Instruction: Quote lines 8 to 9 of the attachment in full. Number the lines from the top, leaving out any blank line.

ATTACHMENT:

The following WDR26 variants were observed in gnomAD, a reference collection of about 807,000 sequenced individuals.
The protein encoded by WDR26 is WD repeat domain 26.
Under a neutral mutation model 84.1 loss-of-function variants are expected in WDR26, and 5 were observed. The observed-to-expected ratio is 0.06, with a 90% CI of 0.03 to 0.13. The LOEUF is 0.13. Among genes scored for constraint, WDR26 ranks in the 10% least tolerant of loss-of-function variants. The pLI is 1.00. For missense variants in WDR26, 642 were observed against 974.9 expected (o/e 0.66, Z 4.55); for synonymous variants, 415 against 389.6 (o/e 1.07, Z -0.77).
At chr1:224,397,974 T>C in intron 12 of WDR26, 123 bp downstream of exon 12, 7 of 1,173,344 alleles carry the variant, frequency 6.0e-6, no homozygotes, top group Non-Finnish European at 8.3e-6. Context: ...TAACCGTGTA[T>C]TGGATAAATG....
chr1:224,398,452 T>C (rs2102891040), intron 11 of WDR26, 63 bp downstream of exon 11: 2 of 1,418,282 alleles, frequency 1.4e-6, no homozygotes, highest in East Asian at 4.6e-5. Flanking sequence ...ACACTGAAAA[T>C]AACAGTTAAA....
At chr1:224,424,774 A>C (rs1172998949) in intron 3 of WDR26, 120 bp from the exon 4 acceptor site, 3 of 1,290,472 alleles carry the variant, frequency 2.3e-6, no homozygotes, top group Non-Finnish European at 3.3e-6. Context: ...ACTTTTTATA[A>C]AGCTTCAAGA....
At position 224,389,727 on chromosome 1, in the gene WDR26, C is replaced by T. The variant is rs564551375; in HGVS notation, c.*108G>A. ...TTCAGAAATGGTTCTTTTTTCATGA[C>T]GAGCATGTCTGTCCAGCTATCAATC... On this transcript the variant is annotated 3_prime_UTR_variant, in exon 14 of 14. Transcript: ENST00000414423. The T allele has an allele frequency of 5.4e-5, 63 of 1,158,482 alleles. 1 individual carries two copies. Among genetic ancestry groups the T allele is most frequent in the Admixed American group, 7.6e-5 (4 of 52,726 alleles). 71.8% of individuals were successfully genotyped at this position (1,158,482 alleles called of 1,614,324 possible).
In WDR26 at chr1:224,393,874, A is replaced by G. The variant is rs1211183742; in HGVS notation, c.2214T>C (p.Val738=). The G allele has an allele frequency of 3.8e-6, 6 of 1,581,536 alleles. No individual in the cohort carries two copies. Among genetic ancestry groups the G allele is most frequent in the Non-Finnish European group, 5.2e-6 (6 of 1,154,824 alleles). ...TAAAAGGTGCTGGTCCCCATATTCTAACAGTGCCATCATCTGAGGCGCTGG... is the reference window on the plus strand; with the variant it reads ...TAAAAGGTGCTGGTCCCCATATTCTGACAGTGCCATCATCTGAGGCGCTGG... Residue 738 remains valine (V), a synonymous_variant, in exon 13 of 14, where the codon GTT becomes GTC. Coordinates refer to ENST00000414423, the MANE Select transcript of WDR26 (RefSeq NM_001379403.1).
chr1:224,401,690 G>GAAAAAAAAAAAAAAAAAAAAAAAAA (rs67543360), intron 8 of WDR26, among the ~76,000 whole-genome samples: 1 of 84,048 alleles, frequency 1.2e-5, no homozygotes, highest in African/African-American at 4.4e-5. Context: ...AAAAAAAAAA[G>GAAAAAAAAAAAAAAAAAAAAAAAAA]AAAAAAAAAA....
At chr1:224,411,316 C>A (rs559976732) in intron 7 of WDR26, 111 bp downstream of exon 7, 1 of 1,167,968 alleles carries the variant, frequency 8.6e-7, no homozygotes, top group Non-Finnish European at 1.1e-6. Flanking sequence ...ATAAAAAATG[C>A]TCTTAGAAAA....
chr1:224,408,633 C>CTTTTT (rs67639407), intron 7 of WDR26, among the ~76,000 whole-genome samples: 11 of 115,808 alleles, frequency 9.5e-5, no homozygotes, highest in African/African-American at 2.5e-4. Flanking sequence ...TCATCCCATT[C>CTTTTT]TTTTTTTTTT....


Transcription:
In WDR26 at chr1:224,393,874, A is replaced by G. The variant is rs1211183742; in HGVS notation, c.2214T>C (p.Val738=). The G allele has an allele frequency of 3.8e-6, 6 of 1,581,536 alleles. No individual in the cohort carries two copies. Among genetic ancestry groups the G allele is most frequent in the Non-Finnish European group, 5.2e-6 (6 of 1,154,824 alleles). ...TAAAAGGTGCTGGTCCCCATATTCTAACAGTGCCATCATCTGAGGCGCTGG... is the reference window on the plus strand; with the variant it reads ...TAAAAGGTGCTGGTCCCCATATTCTGACAGTGCCATCATCTGAGGCGCTGG... Residue 738 remains valine (V), a synonymous_variant, in exon 13 of 14, where the codon GTT becomes GTC. Coordinates refer to ENST00000414423, the MANE Select transcript of WDR26 (RefSeq NM_001379403.1).
chr1:224,401,690 G>GAAAAAAAAAAAAAAAAAAAAAAAAA (rs67543360), intron 8 of WDR26, among the ~76,000 whole-genome samples: 1 of 84,048 alleles, frequency 1.2e-5, no homozygotes, highest in African/African-American at 4.4e-5. Context: ...AAAAAAAAAA[G>GAAAAAAAAAAAAAAAAAAAAAAAAA]AAAAAAAAAA....